Written with love in honor of Peter van Peborgh and John “Ed” Collins
Editors’ Note: Cold bathing and its health benefits can be achieved by almost everyone through practice, but please do not attempt these methods without becoming informed on the correct way to practice them. Prolonged exposure to cold without proper practice can lead to hypothermia.
Who The Heck Is Wim Hof?
Googling the Dutch “Iceman” Wim Hof produces iconic pictures of a half-clothed man sitting on a glacier with his eyes closed, deep in meditation and totally at peace. Hof is well known for 21 Guinness-record-holding feats involving heat and cold, and his research on the human body’s response to cold has brought about new ideas for using it as a form of therapy. He’s proven that exposure to cold positively impacts the body’s nervous and immune systems and its tolerance for heat and cold. It also improves brain function, and cures depression.
In the West, where we view cold exposure as sensational, it might look something like the polar plunge at your favorite winter sporting event. But for Hof, the process is methodical. It starts with calming the mind through rhythmic breathing or “breathwork” to achieve mental centering. Once calm, a person can enter a cold shower or body of water for just a few seconds at first, eventually working up to spending minutes submerged in the water.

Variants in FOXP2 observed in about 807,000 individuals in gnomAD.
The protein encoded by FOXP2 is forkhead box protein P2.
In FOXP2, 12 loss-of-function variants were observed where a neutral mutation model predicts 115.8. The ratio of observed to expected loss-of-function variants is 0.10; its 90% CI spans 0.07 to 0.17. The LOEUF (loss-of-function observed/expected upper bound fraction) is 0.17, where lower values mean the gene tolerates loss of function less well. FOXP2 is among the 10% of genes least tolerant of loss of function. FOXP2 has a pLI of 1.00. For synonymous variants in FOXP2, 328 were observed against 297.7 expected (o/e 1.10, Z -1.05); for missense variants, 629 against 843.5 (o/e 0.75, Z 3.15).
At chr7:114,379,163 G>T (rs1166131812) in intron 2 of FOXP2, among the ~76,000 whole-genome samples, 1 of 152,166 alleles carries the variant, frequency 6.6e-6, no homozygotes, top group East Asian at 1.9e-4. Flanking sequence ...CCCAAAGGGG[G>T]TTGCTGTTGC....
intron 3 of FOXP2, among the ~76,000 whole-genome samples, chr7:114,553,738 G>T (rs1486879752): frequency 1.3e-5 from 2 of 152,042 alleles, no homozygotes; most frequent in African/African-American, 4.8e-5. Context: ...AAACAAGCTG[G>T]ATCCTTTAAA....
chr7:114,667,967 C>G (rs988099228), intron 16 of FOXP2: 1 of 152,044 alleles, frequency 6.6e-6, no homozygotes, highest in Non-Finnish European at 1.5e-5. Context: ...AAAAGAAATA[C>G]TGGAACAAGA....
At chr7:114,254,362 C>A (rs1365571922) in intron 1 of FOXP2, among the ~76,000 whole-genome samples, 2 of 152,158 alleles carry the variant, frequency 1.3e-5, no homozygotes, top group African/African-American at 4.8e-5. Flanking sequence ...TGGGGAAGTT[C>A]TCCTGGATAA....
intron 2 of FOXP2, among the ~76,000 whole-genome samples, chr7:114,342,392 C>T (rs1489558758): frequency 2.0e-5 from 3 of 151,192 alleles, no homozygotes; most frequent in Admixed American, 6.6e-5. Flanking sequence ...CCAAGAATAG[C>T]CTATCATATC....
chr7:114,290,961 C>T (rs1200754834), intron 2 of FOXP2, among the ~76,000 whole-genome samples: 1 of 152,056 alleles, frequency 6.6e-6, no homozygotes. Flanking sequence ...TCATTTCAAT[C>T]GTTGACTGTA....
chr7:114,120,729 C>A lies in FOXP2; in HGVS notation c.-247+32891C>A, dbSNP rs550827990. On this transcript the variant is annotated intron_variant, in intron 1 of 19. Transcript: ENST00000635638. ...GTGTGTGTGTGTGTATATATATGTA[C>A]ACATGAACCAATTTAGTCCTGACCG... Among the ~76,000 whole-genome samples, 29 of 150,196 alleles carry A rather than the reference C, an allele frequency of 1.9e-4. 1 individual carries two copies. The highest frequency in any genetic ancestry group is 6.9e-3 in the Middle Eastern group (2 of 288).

The third pillar of his work, commitment, urges people to challenge the limits of their mind and bodies. This is the story of two Tahoe locals who have seen, through this commitment, how their lives could change beyond imagination.
Forth From Grief Comes Meditation
Longtime Tahoe resident Lorelei van Peborgh grew up loving the playful waters of Southern California. She’d heard about cold bathing while living in South Lake Tahoe and always wanted to try it. Her interest piqued after watching her German friend Felix go into his hot tub and then roll in the snow or dip into the frigid lake. He explained that he was raised with a much more open relationship with sensory input and learned early on to consider uncomfortable senses just another feeling.